ACLU vs. Myriad Genetics: A New Era in an Age Long Debate?

On May 12, 2009, the ACLU and the Public Patent Foundation filed a lawsuit on behalf of four scientific organizations – the Association for Medical Pathology, the American College of Medical Genetics, the American Society for Clinical Pathology and the College of American Pathologists challenging the constitutionality of USPTO’s grant of gene patents of the BRCA 1 and BRCA 2 gene sequences. The defendants include the US Patent and Trademark Office, directors of the University of Utah Research  Foundation and Myriad Genetics and Laboratories, a for-profit organization which is a co-owner of one of the patents-in-suit and holds exclusive licenses for the remaining ones.

The lawsuit, Association for Molecular Pathology, et al. v. United States Patent and Trademark Office, et al. reopens the age old debate on patentability of human genetic material, but unlike other federal circuit cases which attacked the breadth and vast scope of rights granted to the holders of these patents, it challenges the very right to even hold such patents.

This ‘frontal attack‘ approach of ACLU is especially daring considering that almost 20% of the human genome is currently patented. But as far as choosing a candidate and the timing of this lawsuit, the raging debate over healthcare costs combined with a high visibility disease such as breast cancer definitely work in the plaintiff’s favor.

The National Cancer Institute reports that women in the general population have about a 12% lifetime risk of developing breast cancer, whereas women carrying the mutated BRCA gene face a five times larger risk – almost 60%. Their chances of developing ovarian cancer is more than ten times that of the average population. The cancers these women develop are also more aggressive and likely to metastisize rapidly. Prevention, therefore, is vital for survival odds and options such as prophylactic surgery or chemoprevention are exercised by patients. Of course, before preventative treatment can begin, a genetic test must be conducted to confirm that the patient is indeed a carrier of the mutation. This is where Myriad comes in – as the holder of the exclusive licenses, it is the sole clinical provider of the full sequencing of the BRCA genes in the US. These tests, which run upwards of $3000 may not be covered by insurance. Perhaps more than this, what has really gotten the medical and scientific communities’ back up has been Myriad’s insistence that ONLY Myriad’s labs have the right to conduct any ‘commercial’ tests but Myriad’s definition of “commercial” has included sending cease-and-desist orders to University laboratories (researchers at UPenn, Yale and Georgetown being a few).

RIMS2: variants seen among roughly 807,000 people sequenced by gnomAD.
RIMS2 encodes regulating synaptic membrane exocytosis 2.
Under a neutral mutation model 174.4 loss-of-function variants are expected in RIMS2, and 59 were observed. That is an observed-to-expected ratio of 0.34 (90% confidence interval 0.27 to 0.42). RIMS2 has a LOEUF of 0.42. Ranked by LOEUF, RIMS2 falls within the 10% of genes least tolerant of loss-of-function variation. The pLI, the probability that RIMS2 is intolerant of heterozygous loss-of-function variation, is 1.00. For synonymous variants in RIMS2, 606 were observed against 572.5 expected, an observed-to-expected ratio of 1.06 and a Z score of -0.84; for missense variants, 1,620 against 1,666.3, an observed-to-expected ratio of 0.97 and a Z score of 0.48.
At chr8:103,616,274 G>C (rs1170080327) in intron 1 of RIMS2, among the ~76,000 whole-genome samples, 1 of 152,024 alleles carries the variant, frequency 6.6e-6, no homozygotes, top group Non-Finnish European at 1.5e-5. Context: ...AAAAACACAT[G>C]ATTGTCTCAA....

And it is perhaps this denying of information to researchers that could potentially lead to the development of newer, better tests which has lead to ACLU’s bold strategy. The defendants moved to dismiss the case based on three grounds – (1) that the court lacked subject matter jurisdiction over the Plaintiff’s claims; (2) that the court lacked personal jurisdiction over the UURF and (3) that the plaintiff’s failed to sufficiently plead a claim. In his opinion, District Judge Robert Sweet allowed the Plaintiff’s claim against the USPTO to meet the ‘redressability requirement saying that,

Included in this prayer for relief is a request that the Court declare unconstitutional the USPTO’s policies and practices with respect to the challenged claims and similar classes of claims. Granting Plaintiff’s request for relief would serve to render the claims-at-issue definitionally [sic] invalid. As a result, the Plaintiffs would be allowed to engage in conduct currently prohibited by Myriad’s patents, and the alleged injuries would be redressed.

Considering that the USPTO’s policies regarding the grant of patents related to human genes have been upheld in court long enough to generate thousands of patents covering 20% of the human genome, it is hard to decide which is more more surprising: that an unconstitutionality claim against these policies has been filed so late in the day or that it has survived dismissal on grounds of failure to state a claim.

Does the lawsuit’s survival in court despite a long history of patentability of biological material hail the end of theDiamond v. Chakraborty era? Are the public policy concerns and the crushing weight of sky-rocketing healthcare costs making it imperative that the proliferation of commercialization of healthcare related innovation be curbed? If so, what of other such gene patents in existence and the businesses built around them? A sweeping judgment against the policies of the USPTO as applied to gene patents might well prove economically detrimental to the biotechnology industry as investors would scramble to withdraw support from these risky ventures which are entirely reliant on their patent portfolios to provide any measure of economic return. Broad availability of research could well lead to a ‘problem of the commons’ that because everyone has access to the technology, no one would want to invest further to develop clinical applications of the same. On the other hand there are tests which have been commodified (such as X-Rays and MRIs) and still companies continue to build equipment to conduct these tests and seem to make adequate profit to boot. Whether a long due overhaul of inadvisable patent policy or an improper flaunting of precedent, this case raises critical questions which need addressing in order for the biotech industry to stand on solid ground

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